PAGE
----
Bowden G, McNally MA, Thomas RYW, Gibson A. 2013. Oxford Handbook of Orthopaedics and Trauma, Oxford Medical Publications. Page 564-5

Dandy DJ, Edwards DJ, 2003. Essential Orthopaedics and Trauma, Fourth Edition, Churchill Livingstone, page 197.

Raby N, Berman L, Morley S, de Lacey G. 2015. Accident and Emergency Radiology: A survival Guide Third Edition, Sauders Elsevier page 106-110.

Shaath k, Souder C, Skaggs D. 2019. Orthobullets, Lateral Condyle Fracture – Pediatric Accessed 06/04/2019 https://www.orthobullets.com/pediatrics/4009/lateral-condyle-fracture–pediatric

Tan SHS, Dartnell J, Lim AKS, Hui JH. Paediatric lateral condyle fractures: a systematic review. Arch Orthop Trauma Surg. 2018 Jun;138(6):809-817. doi: 10.1007/s00402-018-2920-2. Epub 2018 Mar 24. Review. PubMed PMID: 29574555.

Monteggia fracture dislocations

Cite this article as:
Rie Yoshida. Monteggia fracture dislocations, Don't Forget the Bubbles, 2019. Available at:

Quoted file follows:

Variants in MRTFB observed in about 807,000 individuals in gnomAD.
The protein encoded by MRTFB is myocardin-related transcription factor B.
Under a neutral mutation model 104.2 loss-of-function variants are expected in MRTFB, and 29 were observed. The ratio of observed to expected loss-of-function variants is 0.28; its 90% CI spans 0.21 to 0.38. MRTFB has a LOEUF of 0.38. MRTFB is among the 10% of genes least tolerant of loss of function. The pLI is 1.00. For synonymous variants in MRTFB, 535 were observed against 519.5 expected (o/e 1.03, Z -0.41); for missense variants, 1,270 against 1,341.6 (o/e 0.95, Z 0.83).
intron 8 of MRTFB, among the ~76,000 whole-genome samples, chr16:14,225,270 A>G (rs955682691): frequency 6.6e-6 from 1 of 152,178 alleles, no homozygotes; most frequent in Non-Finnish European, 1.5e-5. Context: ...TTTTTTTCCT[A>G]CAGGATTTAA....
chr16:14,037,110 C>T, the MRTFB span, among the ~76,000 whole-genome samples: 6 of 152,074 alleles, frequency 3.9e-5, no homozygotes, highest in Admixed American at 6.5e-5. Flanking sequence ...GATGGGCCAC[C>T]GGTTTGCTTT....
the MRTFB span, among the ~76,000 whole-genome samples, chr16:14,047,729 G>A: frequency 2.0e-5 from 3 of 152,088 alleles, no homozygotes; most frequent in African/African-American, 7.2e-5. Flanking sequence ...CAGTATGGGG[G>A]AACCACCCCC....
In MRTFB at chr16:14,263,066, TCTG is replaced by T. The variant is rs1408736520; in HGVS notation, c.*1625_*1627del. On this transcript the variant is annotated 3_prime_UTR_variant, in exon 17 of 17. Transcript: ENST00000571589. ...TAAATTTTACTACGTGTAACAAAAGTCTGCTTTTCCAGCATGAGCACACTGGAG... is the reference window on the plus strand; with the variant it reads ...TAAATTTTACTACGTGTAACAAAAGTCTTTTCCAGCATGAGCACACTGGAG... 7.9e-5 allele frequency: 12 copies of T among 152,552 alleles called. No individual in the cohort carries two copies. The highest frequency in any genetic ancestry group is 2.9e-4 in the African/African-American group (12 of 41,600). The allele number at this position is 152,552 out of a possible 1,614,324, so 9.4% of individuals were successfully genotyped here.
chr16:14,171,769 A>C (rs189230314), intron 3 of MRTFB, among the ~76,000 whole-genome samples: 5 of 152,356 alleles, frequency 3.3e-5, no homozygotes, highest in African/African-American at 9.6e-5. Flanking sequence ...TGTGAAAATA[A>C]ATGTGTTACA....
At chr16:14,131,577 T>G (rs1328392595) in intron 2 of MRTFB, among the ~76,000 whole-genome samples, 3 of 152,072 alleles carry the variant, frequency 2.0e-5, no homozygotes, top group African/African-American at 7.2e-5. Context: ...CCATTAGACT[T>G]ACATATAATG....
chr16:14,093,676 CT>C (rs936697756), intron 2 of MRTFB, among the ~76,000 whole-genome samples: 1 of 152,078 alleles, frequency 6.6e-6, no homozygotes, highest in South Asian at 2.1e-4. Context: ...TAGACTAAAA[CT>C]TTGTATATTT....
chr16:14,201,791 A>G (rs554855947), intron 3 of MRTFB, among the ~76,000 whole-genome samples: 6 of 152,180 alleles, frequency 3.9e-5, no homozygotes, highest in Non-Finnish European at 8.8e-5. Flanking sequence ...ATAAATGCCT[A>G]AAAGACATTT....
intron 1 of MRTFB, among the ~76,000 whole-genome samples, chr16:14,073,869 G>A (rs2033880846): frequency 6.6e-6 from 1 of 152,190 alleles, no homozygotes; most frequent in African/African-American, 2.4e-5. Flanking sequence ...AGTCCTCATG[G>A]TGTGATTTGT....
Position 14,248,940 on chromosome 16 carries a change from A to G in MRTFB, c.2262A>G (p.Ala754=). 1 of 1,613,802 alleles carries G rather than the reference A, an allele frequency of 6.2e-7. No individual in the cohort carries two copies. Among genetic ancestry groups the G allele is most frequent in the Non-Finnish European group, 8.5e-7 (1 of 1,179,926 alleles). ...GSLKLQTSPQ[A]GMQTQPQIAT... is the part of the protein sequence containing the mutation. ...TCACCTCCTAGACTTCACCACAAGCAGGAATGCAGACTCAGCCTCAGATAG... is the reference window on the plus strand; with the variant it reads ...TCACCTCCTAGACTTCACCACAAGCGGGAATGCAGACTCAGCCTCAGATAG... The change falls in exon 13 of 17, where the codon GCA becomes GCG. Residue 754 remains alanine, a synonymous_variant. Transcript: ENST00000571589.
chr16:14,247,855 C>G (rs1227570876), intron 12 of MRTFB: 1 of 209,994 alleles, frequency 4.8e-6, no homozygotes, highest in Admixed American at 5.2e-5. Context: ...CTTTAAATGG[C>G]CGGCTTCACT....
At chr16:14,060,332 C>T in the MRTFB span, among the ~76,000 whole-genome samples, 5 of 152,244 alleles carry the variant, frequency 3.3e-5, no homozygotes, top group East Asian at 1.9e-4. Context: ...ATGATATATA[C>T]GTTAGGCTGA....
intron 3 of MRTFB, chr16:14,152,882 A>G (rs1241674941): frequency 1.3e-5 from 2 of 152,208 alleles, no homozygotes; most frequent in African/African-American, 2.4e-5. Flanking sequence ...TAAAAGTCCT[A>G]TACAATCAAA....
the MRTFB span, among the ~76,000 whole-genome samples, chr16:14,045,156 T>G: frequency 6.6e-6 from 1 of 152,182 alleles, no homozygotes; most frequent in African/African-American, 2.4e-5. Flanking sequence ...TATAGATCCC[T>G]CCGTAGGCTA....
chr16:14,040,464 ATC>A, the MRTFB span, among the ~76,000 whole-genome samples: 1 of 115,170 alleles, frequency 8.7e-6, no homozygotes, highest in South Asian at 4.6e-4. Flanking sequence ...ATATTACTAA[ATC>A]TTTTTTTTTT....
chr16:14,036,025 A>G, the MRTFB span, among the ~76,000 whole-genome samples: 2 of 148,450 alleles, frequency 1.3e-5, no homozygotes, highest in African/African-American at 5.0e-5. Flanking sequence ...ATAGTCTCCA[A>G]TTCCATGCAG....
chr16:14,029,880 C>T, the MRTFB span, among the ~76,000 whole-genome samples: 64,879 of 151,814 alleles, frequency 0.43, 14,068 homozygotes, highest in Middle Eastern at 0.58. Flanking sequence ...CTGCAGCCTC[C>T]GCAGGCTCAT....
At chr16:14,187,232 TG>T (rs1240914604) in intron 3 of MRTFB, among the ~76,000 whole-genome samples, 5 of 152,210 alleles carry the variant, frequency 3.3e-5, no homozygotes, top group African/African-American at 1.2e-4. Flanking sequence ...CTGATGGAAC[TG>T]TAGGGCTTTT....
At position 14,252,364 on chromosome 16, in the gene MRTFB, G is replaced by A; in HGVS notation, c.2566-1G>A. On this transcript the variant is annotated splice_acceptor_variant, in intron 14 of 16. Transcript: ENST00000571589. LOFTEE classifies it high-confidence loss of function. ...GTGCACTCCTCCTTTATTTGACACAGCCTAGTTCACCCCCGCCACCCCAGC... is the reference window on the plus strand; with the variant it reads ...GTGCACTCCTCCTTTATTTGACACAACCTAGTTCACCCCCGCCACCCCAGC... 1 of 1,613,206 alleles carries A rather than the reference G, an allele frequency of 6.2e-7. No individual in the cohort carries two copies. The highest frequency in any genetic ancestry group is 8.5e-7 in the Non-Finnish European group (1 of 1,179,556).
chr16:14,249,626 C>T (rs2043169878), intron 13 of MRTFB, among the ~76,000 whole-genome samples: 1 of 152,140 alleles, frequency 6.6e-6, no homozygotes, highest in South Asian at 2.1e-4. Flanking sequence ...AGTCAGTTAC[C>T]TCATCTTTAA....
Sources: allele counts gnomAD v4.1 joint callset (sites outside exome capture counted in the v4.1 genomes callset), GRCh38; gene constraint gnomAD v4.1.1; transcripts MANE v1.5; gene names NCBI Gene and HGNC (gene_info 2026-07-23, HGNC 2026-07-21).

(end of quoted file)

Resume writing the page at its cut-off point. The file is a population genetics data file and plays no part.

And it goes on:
https://doi.org/10.31440/DFTB.21141

Emiko is an 8-year-old girl who presents to the ED with a swollen and painful left arm. She is a keen mixed martial arts enthusiast and has suffered a direct blow to the arm whilst practising earlier today. On examination, her left proximal forearm and elbow joint are swollen and tender. She has limited movement of her elbow joint. The arm is neurovascularly intact.

Elbow examination

Cite this article as:
Becky Platt. Elbow examination, Don't Forget the Bubbles, 2019. Available at:
https://doi.org/10.31440/DFTB.19777

2-year-old Alfie presents to the Emergency department having sustained an injury jumping on the sofa and falling off at home an hour ago.  His older sister says she thinks he put his right hand out as he fell, landing on the carpet.  Alfie’s mum gave him a dose of paracetamol after the injury and brought him straight to the ED because his elbow looked so swollen.  Alfie looks pale and tearful.